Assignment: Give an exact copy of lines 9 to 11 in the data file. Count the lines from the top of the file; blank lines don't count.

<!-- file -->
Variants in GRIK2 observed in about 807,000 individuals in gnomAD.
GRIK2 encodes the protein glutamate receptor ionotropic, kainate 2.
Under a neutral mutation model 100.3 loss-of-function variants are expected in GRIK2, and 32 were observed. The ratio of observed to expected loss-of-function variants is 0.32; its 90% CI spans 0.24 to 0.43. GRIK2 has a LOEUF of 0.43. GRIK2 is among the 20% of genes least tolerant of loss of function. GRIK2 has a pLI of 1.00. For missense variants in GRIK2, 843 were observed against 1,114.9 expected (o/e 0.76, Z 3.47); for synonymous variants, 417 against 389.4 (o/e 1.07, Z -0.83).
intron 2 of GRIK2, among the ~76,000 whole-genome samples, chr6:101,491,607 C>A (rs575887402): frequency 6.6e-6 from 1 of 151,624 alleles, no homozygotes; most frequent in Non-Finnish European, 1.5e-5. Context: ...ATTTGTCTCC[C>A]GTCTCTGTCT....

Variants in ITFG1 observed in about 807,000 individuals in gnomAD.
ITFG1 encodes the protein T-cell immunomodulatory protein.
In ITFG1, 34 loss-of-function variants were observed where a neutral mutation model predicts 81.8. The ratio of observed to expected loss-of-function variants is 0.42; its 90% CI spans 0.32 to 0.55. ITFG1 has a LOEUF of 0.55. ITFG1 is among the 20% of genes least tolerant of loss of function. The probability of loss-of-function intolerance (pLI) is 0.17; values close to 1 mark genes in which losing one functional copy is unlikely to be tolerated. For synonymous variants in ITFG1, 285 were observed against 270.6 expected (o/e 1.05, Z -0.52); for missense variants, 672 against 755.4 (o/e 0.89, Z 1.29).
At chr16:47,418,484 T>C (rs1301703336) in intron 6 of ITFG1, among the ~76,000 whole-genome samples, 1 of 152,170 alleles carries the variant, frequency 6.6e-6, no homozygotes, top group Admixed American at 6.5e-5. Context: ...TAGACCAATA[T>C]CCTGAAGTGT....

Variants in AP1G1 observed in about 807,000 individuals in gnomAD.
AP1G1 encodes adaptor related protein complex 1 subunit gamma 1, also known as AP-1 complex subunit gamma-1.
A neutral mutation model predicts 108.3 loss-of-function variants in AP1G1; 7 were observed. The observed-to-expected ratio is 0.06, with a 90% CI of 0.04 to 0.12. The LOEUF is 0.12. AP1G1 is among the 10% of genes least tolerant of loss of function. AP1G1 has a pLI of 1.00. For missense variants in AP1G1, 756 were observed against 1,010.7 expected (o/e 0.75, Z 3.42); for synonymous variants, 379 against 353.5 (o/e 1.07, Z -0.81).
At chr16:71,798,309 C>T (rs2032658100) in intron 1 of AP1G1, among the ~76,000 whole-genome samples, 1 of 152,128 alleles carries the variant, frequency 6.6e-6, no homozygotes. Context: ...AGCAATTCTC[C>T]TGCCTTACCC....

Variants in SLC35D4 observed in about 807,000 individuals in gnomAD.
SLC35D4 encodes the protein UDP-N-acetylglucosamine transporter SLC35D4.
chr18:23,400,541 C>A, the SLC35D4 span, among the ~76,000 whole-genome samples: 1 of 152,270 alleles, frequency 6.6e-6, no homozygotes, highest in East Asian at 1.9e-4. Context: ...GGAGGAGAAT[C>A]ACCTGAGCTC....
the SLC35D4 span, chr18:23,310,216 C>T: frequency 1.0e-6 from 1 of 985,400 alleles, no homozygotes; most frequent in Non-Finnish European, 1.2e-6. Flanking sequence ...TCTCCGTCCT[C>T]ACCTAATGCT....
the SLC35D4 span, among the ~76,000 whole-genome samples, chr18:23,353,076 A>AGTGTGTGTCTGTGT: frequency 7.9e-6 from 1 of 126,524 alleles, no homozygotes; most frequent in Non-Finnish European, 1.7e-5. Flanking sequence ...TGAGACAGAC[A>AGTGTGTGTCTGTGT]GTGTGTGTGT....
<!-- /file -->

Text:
Variants in AP1G1 observed in about 807,000 individuals in gnomAD.
AP1G1 encodes adaptor related protein complex 1 subunit gamma 1, also known as AP-1 complex subunit gamma-1.
A neutral mutation model predicts 108.3 loss-of-function variants in AP1G1; 7 were observed. The observed-to-expected ratio is 0.06, with a 90% CI of 0.04 to 0.12. The LOEUF is 0.12. AP1G1 is among the 10% of genes least tolerant of loss of function. AP1G1 has a pLI of 1.00. For missense variants in AP1G1, 756 were observed against 1,010.7 expected (o/e 0.75, Z 3.42); for synonymous variants, 379 against 353.5 (o/e 1.07, Z -0.81).